I think the focus will be on adding core and giving us a chance to win a championship next season. The rookie doesn’t make a lot of moves in this area, so I don’t think he’ll actively try to get to the first round. Unless, of course, a pick is added to the trade to bring back an impact player, which is a transitional trade. But you never know.

4. Will any of those fabled TPEs become the real thing?

If there’s a chance to use them, it’s now. Teams don’t have many different avenues to add talent (no first-round picks, no cap space), so using TPE in a trade would be a pretty easy way.

Doing so would leave the team deep in taxes, but the ownership group avoided taxes for another season this year and said they would pay taxes for the contenders. Maybe it’s time to deliver on that promise.

I’ll take a note: Brad doesn’t (and shouldn’t) use TPE just to add a guy. The fit has to be important, and it has to be the right deal. Otherwise, you risk putting the team in trouble for years to come.

5. We need backups at centers and power forwards that are better (both in talent and physique) than the possible backups on our current roster…how do we get them?

Theoretically a backup big man is always available. The theory goes that you’re either paying superstars (Embiid, Jokic) big bucks or just filling the roster with low-cost options. No low-cost option is perfect, but neither is an expensive mid-range option, so why not roll the dice for a cheaper option and spend your cap space elsewhere?

Find a veterinarian for long-term observation in Boston. With Horford aging and Rob Williams at risk of injury, there is at least one regular-season role that could expand if the right man comes along.

6. What is the future role of Daniel Theis?

Daniel is what he is now. A good option as a backup large (albeit a bit pricey – see above). He could also be a paycheck in the trade.

7. Did we manage to find any free agents that would go beyond the Tristan Thompson/Jeff Teague/Enes Kanter type of signing?

Again, I certainly hope so. On the one hand, we’re just in the Finals, so this year’s veterans will at least make the Celtics look longer. There is clearly an opportunity here as well. On the other hand, the Celtics can’t compete for the best free agency with the money they have to spend. So it might take some time to play out.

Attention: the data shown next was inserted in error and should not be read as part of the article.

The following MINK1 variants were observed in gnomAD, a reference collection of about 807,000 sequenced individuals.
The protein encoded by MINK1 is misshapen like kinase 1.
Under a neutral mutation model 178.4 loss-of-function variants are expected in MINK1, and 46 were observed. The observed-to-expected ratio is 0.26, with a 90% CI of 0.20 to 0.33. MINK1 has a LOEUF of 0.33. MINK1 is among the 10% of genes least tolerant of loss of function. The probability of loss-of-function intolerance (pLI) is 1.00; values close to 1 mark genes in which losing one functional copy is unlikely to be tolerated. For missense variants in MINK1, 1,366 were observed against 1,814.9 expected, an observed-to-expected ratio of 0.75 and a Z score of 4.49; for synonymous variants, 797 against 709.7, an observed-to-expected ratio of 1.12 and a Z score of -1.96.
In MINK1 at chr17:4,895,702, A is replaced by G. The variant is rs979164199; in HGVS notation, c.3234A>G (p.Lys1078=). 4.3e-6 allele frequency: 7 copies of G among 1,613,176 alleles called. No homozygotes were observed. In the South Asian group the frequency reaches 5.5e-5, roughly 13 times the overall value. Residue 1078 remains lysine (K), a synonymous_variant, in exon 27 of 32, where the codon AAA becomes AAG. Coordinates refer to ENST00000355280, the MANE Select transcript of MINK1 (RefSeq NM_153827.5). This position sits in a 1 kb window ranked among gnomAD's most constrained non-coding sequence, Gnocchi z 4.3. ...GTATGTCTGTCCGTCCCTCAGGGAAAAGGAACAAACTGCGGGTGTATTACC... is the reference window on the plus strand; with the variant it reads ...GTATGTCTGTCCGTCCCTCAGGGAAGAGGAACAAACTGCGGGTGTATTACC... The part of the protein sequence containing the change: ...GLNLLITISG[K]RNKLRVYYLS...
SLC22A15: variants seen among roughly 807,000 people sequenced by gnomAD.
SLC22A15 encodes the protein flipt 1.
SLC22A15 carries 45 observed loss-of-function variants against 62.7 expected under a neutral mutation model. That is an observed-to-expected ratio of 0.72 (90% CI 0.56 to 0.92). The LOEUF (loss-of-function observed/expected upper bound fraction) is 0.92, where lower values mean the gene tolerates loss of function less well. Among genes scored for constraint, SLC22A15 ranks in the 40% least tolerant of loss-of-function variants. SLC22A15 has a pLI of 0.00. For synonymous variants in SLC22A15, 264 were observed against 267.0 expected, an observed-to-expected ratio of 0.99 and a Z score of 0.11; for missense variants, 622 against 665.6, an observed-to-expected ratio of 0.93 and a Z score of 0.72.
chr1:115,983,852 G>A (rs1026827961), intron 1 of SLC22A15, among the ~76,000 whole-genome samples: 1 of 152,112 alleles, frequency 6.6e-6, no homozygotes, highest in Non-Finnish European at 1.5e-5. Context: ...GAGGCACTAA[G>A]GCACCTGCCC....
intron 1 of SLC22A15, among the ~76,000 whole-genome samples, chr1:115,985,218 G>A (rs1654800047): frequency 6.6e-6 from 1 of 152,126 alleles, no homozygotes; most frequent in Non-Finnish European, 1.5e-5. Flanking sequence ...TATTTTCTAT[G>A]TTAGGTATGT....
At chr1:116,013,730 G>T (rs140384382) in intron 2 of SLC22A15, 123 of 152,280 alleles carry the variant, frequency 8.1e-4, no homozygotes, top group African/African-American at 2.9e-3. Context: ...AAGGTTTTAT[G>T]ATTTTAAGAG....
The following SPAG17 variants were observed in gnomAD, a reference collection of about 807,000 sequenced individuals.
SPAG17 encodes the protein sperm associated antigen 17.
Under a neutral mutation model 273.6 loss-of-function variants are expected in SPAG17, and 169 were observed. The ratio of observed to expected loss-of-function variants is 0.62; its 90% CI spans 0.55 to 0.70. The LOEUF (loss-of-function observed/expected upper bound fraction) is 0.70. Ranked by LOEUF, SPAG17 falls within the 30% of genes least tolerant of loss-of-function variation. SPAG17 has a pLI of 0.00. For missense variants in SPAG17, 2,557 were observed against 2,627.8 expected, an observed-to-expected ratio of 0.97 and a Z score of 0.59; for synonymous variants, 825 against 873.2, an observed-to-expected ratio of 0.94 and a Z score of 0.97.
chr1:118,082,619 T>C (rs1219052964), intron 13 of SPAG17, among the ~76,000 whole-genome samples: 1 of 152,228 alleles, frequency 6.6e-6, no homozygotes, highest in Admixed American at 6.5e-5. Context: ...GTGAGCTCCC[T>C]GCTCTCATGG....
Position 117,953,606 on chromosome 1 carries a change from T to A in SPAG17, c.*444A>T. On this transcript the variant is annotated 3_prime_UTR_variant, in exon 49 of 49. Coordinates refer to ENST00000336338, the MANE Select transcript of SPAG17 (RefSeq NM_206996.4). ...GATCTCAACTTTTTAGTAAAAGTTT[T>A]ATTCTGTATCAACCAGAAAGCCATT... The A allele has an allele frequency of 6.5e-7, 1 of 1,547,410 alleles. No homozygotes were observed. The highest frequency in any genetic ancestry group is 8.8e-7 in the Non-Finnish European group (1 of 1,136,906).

8. Will Sam Hauser succeed with the Celtics or will he have to go elsewhere to find success?

He could definitely find a role in a future team. With his stellar performances in summer league and training camp, he should have a very good chance of earning a spot in the rotation. This guy can go all out to shoot, and if he can do anything else on the court to contribute, he’ll have a chance.

reconnaissance

Here are two that can be used:

1.) Seeing Marcus Smart as a player this season, do you think he’s better offense and playmaking? Or do you think the Celtics would consider selling a premium on him because we have Derrick White, about 85% of what Smart gave?

good question. If the team continues to struggle like it did at the beginning of the season, I’d be more supportive of the 85 percent plan. That’s part of the beauty of that trade — it applies to any direction the team goes.

However, with the team’s success built largely on Marcus’ defensive identity, I don’t think the team is going to leave him at all.

He certainly has his limitations, and we all know that. But in my opinion, the good outweighs the bad, and next season it’s up to Ime and his teammates to get the best out of him offensively.

2nd) Do you think Kyle Kuzma is an easy player? How does he fit in with the Celtics?

Yes, if only such a Celtics beat writer could ask Kuzma for this picture of the Lakers at the time, I hope that happens.

Thank you everyone!